Tuesday, July 24, 2012

Chicago Public Libraries to Be Open All Day on Monday

Chicago mayor Rahm Emanuel continues to backpedal on his decision to close the city's public libraries on Mondays. The controversial cost-cutting measure, which was announced in January, was immediately met with criticism not only from librarians, but also from library-goers. "I am convinced that shuttering public libraries on Monday is a disastrous decision that should be reconsidered," said teacher Jay C. Rehak in a January 9 letter to the Chicago Sun Times. "If Chicago is to remain a world-class city, it must maintain a world-class library system."

Emanuel reverses his earlier decision to close public libraries on Monday.
Image source: http://chicagopubliclibrary.tumblr.com/
In reaction to the swift public backlash, Emanuel stated in early February that Chicago Public Library branches will stay open on Mondays, but they will NOT be open all day - just from 2 to 6 PM in order to be accessible to kids when schools let out. "By opening branch libraries on Monday afternoons, we are providing students with a comfortable, safe place to study after school," Emanuel told the media. "As mayor, I've put children and education first and I will continue to ensure libraries are available to students after school." 

Now the Chicago mayor is saying that public libraries will be open all day on Mondays to best serve all members of the community, including caretakers of young children who like to go to storytime earlier in the day. Although Emanuel's complete reversal of his decision to close libraries on Mondays does benefit the library-going public, there is a catch: the city will hire "more than 100 workers to replace librarians," according to the Chicago Tribune. Replacing librarians with "lower-wage library pages [will] allow the city to offer a full day of service on Monday without additional cost, said Rahm Emanuel and Library Commissioner Brian Bannon on July 16, reported the Tribune.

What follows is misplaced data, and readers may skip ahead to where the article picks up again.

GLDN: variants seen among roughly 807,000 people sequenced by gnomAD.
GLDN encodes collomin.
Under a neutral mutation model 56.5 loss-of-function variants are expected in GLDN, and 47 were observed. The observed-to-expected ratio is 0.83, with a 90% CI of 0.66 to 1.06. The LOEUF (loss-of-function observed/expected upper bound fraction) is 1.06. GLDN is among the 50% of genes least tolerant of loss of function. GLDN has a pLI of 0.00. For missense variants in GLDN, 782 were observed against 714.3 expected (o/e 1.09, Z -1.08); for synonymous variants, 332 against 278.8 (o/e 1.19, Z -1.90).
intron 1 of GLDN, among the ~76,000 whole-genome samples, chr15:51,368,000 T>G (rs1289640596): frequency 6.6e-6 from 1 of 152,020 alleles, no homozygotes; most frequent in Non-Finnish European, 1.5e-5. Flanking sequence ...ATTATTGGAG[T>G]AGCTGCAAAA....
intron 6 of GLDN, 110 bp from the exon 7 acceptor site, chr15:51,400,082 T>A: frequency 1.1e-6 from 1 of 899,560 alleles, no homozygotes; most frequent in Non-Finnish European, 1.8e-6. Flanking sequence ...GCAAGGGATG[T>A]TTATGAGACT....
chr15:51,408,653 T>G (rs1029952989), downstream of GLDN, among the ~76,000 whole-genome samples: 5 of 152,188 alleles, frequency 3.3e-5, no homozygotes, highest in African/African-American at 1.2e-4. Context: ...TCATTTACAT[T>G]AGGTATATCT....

The Chicago Public Library is far from alone in its push to replace librarians with non-librarians to save money. Still, this hiring trend among libraries is distressing to my library school classmates. But there is a hint of a silver lining for MLIS-degreed job seekers who would like to work at public libraries in Chicago. According to a July 16 press release from the Chicago Public Library, there is a "demand for a teen librarian position," which "will be focused on assisting teen patrons with learning the latest in YA literature, technology and interest-based learning. These new librarians will be hired over the next two years, the goal being to have one in each of the 79 Chicago Public Library locations."

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